It lets you monitor as many interfaces/devices as you want in real-time. It will also keep usage totals for each device/interface and you can configure them to reset on a given day of the month (useful for monitoring usage with capped ISPs).

One of the biggest advantage to most other tools is that it supports the use of UPnP as well as SNMP, making it compatible with many more routers (most support UPnP but only the good ones support SNMP).

http://peakhourapp.com

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Features:

  • Full support for SNMP-enabled and UPnP-enabled devices including Apple Airports and Time Capsules.
  • Lives in your menubar
  • Configurable UI
  • Minigraph shows you recent activity at a glance
  • Totals your bandwidth over the month; great for monitoring your usage if your ISP has data caps.
  • Intelligent detection of max in and outbound bandwidth.
  • Configuration Assistant to make it really easy to setup.
  • Retina-ready.
  • Lots more.

One thing: We're provided a free compatibility tool that tests your devices to make sure they are compatible. It's available here.

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I like the tool but it's frustrating that I can't get historical graphs. –  vy32 Nov 8 '13 at 2:46

You need to set up a proxy server to capture all http/https traffic on your local network.

You then point all of your devices to use that proxy server. This has an added bonus of allowing you to read all SSL traffic in clear text =)

To remotely capture http or https traffic with the Charles Proxy (free to use for 30 minutes) you will need to do the following:

Description of setup

HOST -  Machine running Charles and hosting the proxy
CLIENT – User’s machine generating the traffic you will capture

Host Machine

  1. install fully licensed charles version
  2. Proxy -> Proxy Settings -> check “Enable Transparent HTTP Proxying”
  3. Proxy -> Proxy Settings -> SSL TAB -> check “enable SSL Proxying”
  4. Proxy -> Proxy Settings -> SSL TAB -> click Add button and input * in both fields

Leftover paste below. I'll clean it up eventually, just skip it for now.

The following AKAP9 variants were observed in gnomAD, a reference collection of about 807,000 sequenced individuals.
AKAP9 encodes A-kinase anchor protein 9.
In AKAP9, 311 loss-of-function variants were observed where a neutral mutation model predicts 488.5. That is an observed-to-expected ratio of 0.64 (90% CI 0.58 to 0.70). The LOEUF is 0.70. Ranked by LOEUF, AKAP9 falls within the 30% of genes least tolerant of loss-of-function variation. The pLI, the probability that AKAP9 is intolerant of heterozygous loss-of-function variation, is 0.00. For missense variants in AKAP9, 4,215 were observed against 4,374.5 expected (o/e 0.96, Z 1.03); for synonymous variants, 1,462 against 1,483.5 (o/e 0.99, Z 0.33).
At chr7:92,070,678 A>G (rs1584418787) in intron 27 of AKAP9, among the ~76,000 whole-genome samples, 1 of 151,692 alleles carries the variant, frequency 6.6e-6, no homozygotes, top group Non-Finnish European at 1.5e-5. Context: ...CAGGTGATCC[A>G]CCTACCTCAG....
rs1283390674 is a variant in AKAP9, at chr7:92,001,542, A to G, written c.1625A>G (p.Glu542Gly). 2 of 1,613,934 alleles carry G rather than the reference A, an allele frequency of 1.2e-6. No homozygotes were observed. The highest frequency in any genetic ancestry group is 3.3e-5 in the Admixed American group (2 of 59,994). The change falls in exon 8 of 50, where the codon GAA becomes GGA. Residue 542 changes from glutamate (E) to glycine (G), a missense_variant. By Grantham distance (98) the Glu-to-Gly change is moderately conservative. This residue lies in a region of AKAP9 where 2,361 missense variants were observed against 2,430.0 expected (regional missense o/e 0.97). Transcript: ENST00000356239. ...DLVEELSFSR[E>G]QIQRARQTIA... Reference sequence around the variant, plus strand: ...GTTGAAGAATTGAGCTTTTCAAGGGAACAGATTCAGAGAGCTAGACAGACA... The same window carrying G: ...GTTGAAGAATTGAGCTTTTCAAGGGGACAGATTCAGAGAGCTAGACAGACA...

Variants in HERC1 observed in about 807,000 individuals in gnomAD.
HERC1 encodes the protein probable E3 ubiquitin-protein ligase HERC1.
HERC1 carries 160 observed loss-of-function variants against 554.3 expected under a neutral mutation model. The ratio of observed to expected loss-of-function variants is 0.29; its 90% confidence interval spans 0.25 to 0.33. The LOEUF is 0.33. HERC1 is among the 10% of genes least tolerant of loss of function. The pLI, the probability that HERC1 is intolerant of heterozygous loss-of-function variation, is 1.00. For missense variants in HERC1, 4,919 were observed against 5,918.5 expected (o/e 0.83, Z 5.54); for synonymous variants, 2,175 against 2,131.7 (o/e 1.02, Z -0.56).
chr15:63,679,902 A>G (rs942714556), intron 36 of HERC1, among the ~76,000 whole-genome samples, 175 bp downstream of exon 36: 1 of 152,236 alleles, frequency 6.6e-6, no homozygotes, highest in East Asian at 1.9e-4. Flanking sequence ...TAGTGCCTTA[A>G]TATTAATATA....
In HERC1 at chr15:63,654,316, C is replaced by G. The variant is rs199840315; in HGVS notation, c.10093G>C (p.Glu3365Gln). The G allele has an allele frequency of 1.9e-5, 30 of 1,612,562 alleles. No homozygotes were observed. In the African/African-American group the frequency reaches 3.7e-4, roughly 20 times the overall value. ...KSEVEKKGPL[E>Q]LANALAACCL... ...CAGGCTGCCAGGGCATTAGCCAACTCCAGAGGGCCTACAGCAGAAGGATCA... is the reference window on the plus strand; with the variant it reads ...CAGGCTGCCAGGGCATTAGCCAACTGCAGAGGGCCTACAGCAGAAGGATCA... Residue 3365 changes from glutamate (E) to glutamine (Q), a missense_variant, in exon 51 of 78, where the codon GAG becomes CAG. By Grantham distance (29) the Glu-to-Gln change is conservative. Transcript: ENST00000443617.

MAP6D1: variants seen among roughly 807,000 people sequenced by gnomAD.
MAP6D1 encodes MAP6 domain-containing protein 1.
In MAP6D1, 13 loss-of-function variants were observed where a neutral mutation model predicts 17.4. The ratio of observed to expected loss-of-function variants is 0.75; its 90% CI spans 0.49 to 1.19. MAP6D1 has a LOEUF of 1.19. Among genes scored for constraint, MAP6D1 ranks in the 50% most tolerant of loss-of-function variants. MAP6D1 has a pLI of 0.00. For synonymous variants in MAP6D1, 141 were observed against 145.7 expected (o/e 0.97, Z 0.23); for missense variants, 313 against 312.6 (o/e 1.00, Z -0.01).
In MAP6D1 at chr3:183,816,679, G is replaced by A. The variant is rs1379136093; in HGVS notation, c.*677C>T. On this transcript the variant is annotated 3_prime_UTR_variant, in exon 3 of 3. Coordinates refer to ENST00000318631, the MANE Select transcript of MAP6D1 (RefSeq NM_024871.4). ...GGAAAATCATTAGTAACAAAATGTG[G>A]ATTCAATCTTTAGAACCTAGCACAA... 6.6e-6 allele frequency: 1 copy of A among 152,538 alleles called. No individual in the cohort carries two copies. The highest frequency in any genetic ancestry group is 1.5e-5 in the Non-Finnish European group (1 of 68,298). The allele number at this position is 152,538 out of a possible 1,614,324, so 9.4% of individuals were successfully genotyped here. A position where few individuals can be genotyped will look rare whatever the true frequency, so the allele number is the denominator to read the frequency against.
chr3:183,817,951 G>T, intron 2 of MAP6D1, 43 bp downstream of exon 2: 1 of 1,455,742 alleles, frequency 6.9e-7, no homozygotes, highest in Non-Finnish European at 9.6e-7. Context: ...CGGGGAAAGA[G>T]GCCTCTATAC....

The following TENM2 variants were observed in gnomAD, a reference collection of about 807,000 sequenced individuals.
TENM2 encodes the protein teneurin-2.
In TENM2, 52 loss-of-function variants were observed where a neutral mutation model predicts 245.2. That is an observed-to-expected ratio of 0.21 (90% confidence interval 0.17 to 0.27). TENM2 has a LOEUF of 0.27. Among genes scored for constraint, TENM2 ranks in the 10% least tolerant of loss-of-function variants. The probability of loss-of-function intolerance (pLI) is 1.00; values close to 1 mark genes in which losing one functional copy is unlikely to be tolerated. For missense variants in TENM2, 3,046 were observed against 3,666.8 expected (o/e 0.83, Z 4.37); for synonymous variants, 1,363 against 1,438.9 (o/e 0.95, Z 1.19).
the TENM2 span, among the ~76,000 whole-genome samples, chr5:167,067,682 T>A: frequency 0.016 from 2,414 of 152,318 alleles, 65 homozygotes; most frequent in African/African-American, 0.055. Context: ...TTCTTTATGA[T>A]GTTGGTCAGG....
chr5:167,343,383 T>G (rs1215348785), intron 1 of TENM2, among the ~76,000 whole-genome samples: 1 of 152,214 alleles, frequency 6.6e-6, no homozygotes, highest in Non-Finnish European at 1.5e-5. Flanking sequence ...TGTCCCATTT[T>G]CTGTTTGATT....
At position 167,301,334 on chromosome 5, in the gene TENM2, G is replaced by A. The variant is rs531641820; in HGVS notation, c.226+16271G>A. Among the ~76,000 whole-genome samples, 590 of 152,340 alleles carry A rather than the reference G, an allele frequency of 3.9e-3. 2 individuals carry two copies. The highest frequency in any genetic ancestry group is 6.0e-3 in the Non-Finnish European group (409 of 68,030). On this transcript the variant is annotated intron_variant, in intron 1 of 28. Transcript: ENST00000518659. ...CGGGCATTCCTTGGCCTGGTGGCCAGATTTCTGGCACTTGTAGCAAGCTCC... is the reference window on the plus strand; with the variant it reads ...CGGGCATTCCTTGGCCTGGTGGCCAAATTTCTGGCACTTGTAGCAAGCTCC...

5. Proxy -> Access Control Settings -> Add your local subnet (ex: 192.168.2.0/24) to authorize all machines on your local network to use the proxy from another machine
  6. It might be advisable to set up the “auto save tool” in charles, this will auto save and rotate the charles logs. http://www.charlesproxy.com/documentation/tools/auto-save/

Client Machine:

  1. Install and permanently accept/trust the charles SSL certificate http://www.charlesproxy.com/documentation/using-charles/ssl-certificates/
  2. Configure IE, Firefox, and Chrome to use the socket charles is hosting the proxy on (ex: 192.168.1.100:8888)

When I tested this out I picked up two lines of a Facebook HTTPS chat (one was a line TO someone, and the other FROM)

Android

you can also capture android emulator traffic this way if you start the emulator with:

emulator -avd  -http-proxy http://local_ip:8888/

Where LOCAL_IP is the IP address of your computer, not 127.0.0.1 as that is the IP address of the emulated phone.

source

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Eavesdrop is a good Mac-native network sniffer.

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Regarding possible other users: assign IP to each individual mac address from the base station manager and/or try radius.

As stated above, your base station should have logging capabilities. Else snort could be set up to watch for alien connections, I believe.